Understanding Bridget Riley's Artistic Techniques
The Science of Seeing

A square made up of thin, unfilled circles in fine line.Composition with Circles 5 © Bridget Riley 2005
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Bridget Riley

Bridget Riley

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Bridget Riley is a British artist who is widely considered one of the leading figures in the Op Art movement of the 1960s. Born in London in 1931, Riley studied at Goldsmiths College and the Royal College of Art before embarking on a career as an artist. Her early works were characterised by a fascination with patterns and optical effects, and she quickly gained a reputation for her innovative use of colour and form. Throughout her career, Riley has continued to explore the possibilities of abstraction, creating works that challenge the viewer's perceptions and create a sense of movement and dynamism.

Op Art, short for Optical Art, is a style of art that emerged in the 1960s and is characterised by the use of optical illusions and abstract patterns to create the impression of movement and depth. It typically employs the use of bold colours, contrasting lines and geometric shapes to create visual effects that play with the viewer's perception.

I learned from Seurat this important thing about colour and light, that ‘a light’ can be built from colour. I learned a great deal about interaction, that ‘a blue’ in different parts will play all sorts of different roles.
Bridget Riley

Bridget Riley's Influences: From Art History to Science

Op Art’s leading pioneer drew inspiration from a wide range of sources, from art history to science. One of her key influences was the work of Georges Seurat, the Post-Impressionist painter who developed the technique of pointillism. Seurat’s use of dots and colour theory were elements that Riley incorporated into her own work, particularly in her early black and white paintings like Fragment 1. She was also influenced by the geometric abstraction of Piet Mondrian and the Bauhaus school, which emphasised the use of simple shapes and primary colours.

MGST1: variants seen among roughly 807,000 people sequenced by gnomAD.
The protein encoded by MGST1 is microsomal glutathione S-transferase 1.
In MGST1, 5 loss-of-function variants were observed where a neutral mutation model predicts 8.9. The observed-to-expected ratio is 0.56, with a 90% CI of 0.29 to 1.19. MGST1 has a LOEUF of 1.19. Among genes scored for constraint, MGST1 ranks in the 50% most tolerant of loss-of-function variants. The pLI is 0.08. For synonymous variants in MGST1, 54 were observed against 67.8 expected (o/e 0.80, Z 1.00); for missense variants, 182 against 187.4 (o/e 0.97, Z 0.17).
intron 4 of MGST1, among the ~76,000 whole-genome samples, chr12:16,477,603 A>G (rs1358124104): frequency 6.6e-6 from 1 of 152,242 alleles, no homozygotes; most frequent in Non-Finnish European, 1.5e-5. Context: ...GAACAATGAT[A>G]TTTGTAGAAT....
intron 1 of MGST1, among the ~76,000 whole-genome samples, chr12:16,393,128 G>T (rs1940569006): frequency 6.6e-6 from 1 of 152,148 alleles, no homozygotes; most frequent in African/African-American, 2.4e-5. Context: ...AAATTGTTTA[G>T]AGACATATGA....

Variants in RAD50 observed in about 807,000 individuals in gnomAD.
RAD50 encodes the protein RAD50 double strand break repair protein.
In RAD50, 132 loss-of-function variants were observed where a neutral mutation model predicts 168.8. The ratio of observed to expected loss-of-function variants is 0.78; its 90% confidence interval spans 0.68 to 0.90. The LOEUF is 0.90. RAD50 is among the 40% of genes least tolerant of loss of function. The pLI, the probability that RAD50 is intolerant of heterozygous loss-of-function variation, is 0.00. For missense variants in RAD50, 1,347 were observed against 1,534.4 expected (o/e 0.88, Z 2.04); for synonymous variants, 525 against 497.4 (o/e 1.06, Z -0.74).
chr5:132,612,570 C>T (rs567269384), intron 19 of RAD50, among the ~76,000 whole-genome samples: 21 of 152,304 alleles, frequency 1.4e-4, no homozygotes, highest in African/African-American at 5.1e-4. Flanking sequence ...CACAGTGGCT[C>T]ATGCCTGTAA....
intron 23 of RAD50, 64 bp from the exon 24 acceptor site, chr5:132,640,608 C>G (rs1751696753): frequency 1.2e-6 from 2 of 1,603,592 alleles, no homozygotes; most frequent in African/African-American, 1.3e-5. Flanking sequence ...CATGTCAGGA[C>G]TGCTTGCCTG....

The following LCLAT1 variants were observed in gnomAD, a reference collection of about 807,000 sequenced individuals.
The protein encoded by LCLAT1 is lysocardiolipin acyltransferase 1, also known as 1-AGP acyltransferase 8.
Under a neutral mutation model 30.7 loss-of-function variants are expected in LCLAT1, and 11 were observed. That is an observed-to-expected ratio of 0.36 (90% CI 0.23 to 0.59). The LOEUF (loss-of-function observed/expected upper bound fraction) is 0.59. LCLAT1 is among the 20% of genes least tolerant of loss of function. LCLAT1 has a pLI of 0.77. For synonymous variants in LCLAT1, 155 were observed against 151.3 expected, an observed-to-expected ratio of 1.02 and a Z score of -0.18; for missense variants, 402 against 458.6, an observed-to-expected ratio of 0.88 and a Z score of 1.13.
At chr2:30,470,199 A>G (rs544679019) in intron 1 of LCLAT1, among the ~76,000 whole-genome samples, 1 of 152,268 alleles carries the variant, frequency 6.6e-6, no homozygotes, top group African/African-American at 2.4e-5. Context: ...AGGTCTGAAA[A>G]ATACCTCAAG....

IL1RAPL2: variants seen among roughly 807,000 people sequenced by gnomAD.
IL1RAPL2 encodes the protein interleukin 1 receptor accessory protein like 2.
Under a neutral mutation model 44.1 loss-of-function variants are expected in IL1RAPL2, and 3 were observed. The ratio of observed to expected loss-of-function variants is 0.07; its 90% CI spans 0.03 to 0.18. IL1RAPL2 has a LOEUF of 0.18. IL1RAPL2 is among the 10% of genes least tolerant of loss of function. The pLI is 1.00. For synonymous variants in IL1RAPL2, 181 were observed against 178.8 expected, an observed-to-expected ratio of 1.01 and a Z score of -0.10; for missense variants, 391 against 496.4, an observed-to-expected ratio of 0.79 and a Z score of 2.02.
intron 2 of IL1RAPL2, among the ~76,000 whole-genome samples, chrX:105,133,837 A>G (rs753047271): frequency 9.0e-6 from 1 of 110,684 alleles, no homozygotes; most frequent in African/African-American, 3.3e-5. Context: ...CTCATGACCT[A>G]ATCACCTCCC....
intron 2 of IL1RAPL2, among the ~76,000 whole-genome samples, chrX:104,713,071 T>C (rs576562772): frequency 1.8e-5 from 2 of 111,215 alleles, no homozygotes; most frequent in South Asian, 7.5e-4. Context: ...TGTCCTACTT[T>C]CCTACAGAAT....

In addition to art history, science played a significant role in shaping Riley's artistic approach. She was interested in the study of perception and optical illusions to create her signature style of Op Art. Her use of repeated lines, shapes, and colours created optical illusions that seemed to move and shift as the viewer's perspective changed. Her work challenged traditional notions of painting as a static, two-dimensional medium, and pushed the boundaries of what art could achieve.

Riley's interest in science also extended to her use of technology in her art-making process. She often used a projector to sketch out her initial designs, allowing her to experiment with different configurations and compositions. Her collaborations with printmakers and engineers helped to create large-scale installations that incorporated movement and light. By drawing on influences from both art history and science, Riley created a unique and groundbreaking style of art that continues to captivate and inspire viewers today.

The Science of Seeing: Visual Perception and Colour Theory